'We see both lower prices and a tighter range ahead - but with increased risks.'
JPMorgan Chase & Co lowered by 5.5 percent its forecast for New York oil prices this year on speculation a slowdown in global economies will limit crude’s potential to rise.
The bank cut to $77.25 a barrel its estimate for the average price of West Texas Intermediate crude on the New York Mercantile Exchange during the rest of 2010, from a forecast of $81.75 a barrel made last month, according to a monthly report e-mailed on Saturday. It lowered its forecast for 2011’s average price to $79.25 a barrel from $90.
“We see both lower prices and a tighter range ahead - but with increased risks,” Lawrence Eagles, an analyst for the US bank, wrote in the report. “Weaker economic growth, energy efficiency and Organization of Petroleum Exporting Countries intransigence provide downside risks.”
Crude may fall next week amid increases in US supplies and OPEC production, a Bloomberg News survey showed. Crude oil has declined by 0.5 percent this year to $78.95 a barrel in New York, after rising 78 percent last year.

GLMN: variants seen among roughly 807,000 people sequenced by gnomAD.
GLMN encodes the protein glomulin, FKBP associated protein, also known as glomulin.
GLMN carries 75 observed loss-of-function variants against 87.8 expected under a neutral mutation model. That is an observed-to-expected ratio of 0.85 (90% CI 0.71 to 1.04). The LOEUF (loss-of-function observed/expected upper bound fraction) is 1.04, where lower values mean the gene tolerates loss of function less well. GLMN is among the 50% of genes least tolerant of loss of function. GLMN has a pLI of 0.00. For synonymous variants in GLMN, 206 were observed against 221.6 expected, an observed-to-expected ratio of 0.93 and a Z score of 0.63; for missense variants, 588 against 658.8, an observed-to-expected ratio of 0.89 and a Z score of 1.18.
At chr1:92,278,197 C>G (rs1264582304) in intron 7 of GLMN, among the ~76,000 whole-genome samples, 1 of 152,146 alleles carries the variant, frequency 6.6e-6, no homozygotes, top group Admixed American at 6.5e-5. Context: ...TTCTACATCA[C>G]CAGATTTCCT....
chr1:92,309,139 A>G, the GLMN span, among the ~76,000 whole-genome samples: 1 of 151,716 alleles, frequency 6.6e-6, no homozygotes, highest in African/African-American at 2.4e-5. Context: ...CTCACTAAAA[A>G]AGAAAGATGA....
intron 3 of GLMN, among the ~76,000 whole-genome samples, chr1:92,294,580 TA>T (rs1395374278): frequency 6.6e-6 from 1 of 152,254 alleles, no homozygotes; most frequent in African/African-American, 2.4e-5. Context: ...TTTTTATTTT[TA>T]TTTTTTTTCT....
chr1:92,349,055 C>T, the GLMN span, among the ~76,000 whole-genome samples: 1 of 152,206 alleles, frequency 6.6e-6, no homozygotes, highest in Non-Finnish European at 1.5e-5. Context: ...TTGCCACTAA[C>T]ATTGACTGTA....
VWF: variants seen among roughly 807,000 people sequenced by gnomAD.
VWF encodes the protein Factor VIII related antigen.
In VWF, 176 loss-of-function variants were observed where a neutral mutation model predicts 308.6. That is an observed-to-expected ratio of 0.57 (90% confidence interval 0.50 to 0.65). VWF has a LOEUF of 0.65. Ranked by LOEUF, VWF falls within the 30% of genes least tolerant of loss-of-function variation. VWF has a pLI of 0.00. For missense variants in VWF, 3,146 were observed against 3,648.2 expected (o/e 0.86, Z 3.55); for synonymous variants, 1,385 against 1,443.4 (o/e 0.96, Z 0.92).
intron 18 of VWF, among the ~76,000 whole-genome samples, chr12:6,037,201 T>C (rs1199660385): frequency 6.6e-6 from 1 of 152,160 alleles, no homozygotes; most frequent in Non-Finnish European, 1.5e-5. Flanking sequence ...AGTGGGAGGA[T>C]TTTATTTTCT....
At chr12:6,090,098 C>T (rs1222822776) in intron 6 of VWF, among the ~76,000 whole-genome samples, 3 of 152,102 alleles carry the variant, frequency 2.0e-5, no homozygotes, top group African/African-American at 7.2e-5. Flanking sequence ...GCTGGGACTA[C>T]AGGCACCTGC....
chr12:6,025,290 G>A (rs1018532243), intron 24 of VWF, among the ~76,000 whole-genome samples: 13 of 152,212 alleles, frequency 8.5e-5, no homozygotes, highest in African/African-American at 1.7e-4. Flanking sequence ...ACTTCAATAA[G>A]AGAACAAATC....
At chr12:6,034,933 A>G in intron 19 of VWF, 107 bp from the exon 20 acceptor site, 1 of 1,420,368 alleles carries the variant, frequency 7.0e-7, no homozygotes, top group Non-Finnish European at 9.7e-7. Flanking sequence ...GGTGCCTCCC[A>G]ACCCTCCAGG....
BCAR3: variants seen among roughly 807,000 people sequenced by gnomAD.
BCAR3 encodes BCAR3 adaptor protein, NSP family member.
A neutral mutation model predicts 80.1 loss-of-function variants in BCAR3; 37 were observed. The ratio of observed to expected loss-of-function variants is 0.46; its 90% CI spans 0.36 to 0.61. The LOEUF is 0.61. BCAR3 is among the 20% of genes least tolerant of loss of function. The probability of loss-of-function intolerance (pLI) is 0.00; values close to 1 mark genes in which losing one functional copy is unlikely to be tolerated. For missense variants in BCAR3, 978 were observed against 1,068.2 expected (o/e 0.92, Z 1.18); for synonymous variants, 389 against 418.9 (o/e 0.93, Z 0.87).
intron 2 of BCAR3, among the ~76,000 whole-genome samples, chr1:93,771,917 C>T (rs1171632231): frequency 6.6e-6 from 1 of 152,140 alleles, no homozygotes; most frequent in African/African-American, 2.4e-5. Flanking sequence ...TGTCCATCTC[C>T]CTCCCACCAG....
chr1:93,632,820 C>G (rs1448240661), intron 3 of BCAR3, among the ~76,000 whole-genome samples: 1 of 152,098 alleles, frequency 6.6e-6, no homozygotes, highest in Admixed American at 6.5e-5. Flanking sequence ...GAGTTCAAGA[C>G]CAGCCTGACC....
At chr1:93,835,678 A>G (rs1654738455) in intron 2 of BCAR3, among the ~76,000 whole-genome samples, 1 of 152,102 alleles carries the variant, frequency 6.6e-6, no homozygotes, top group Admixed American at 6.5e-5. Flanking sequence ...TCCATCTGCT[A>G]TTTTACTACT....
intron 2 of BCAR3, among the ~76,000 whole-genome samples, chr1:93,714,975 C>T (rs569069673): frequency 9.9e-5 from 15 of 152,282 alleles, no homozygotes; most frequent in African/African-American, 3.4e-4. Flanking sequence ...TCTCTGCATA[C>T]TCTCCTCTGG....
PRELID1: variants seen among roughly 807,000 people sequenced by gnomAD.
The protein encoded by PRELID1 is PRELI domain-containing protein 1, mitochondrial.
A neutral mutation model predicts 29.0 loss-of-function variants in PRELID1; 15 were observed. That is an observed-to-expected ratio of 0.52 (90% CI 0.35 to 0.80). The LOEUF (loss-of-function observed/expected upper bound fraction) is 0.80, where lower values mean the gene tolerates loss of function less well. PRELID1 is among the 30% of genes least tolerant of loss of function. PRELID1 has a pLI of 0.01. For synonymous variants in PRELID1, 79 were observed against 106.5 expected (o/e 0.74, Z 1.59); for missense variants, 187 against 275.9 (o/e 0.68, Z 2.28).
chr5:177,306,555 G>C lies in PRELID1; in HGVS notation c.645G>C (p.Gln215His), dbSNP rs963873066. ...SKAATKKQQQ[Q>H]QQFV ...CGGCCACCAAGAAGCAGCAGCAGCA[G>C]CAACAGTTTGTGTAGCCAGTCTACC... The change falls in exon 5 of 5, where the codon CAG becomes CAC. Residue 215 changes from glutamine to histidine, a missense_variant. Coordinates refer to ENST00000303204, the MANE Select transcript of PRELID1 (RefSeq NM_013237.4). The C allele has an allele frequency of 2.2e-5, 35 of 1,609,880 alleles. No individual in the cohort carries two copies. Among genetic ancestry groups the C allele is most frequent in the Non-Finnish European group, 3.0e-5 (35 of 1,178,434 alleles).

“There’s an increased drive towards energy efficiency and renewable energy in China,” said Henry Wang, managing director, of Beijing-based energy consultant Gate International Ltd. “This could create downward pressure on oil demand.”
Pressure on China’s oil demand, the world’s biggest energy user, affects global consumption, which may impact prices, Wang, who formerly worked for Royal Dutch Shell in China, said by phone from Beijing on Saturday.
Oil prices may fall more than expected on lower demand and a risk OPEC member nations won’t adhere to production cuts, the bank said.
“If demand drops, the Gulf Trio, Saudi Arabia, Kuwait and the United Arab Emirates are likely to demand cuts from ‘leaky’ members to rebalance the market, but any delay in response risks a fall in prices as low as $50 a barrel,” Eagles said.
The demand outlook in the projection has been moderated in recent months because of shifts in the bank’s economic forecasts, according to the report.
“This month sees further changes, which take down 2010 demand growth to 1.8 million barrels a day and 2011 to a ‘trend’ 1.5 million barrels a day,” Eagles said. “The net sum of our supply and demand changes reduces the call on OPEC by 1.2 million barrels a day at the end of 2011.” (Bloomberg)